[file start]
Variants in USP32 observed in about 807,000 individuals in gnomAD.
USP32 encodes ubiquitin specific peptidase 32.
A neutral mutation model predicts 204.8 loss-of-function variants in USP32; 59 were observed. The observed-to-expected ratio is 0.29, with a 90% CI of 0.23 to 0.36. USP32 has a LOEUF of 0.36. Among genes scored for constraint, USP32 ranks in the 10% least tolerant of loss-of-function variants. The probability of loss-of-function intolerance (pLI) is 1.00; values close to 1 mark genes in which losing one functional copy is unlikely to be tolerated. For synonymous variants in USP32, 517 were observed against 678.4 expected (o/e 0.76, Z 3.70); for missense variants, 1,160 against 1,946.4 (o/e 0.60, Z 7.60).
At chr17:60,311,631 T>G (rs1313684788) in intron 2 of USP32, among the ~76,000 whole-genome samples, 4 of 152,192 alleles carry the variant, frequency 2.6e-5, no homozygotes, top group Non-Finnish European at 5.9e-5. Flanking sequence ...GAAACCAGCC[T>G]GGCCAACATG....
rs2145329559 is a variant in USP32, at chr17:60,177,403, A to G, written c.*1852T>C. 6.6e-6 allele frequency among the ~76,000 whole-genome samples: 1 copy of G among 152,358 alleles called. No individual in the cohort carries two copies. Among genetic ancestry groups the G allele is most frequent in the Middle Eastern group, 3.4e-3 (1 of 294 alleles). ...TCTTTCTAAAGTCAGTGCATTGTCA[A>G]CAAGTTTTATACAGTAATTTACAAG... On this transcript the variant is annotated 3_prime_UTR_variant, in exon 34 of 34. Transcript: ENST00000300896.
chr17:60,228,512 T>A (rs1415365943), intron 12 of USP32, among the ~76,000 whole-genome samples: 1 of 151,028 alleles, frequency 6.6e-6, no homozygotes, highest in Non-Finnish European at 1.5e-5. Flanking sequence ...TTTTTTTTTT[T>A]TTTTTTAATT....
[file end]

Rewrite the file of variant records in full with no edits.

Variants in USP32 observed in about 807,000 individuals in gnomAD.
USP32 encodes ubiquitin specific peptidase 32.
A neutral mutation model predicts 204.8 loss-of-function variants in USP32; 59 were observed. The observed-to-expected ratio is 0.29, with a 90% CI of 0.23 to 0.36. USP32 has a LOEUF of 0.36. Among genes scored for constraint, USP32 ranks in the 10% least tolerant of loss-of-function variants. The probability of loss-of-function intolerance (pLI) is 1.00; values close to 1 mark genes in which losing one functional copy is unlikely to be tolerated. For synonymous variants in USP32, 517 were observed against 678.4 expected (o/e 0.76, Z 3.70); for missense variants, 1,160 against 1,946.4 (o/e 0.60, Z 7.60).
At chr17:60,311,631 T>G (rs1313684788) in intron 2 of USP32, among the ~76,000 whole-genome samples, 4 of 152,192 alleles carry the variant, frequency 2.6e-5, no homozygotes, top group Non-Finnish European at 5.9e-5. Flanking sequence ...GAAACCAGCC[T>G]GGCCAACATG....
rs2145329559 is a variant in USP32, at chr17:60,177,403, A to G, written c.*1852T>C. 6.6e-6 allele frequency among the ~76,000 whole-genome samples: 1 copy of G among 152,358 alleles called. No individual in the cohort carries two copies. Among genetic ancestry groups the G allele is most frequent in the Middle Eastern group, 3.4e-3 (1 of 294 alleles). ...TCTTTCTAAAGTCAGTGCATTGTCA[A>G]CAAGTTTTATACAGTAATTTACAAG... On this transcript the variant is annotated 3_prime_UTR_variant, in exon 34 of 34. Transcript: ENST00000300896.
chr17:60,228,512 T>A (rs1415365943), intron 12 of USP32, among the ~76,000 whole-genome samples: 1 of 151,028 alleles, frequency 6.6e-6, no homozygotes, highest in Non-Finnish European at 1.5e-5. Flanking sequence ...TTTTTTTTTT[T>A]TTTTTTAATT....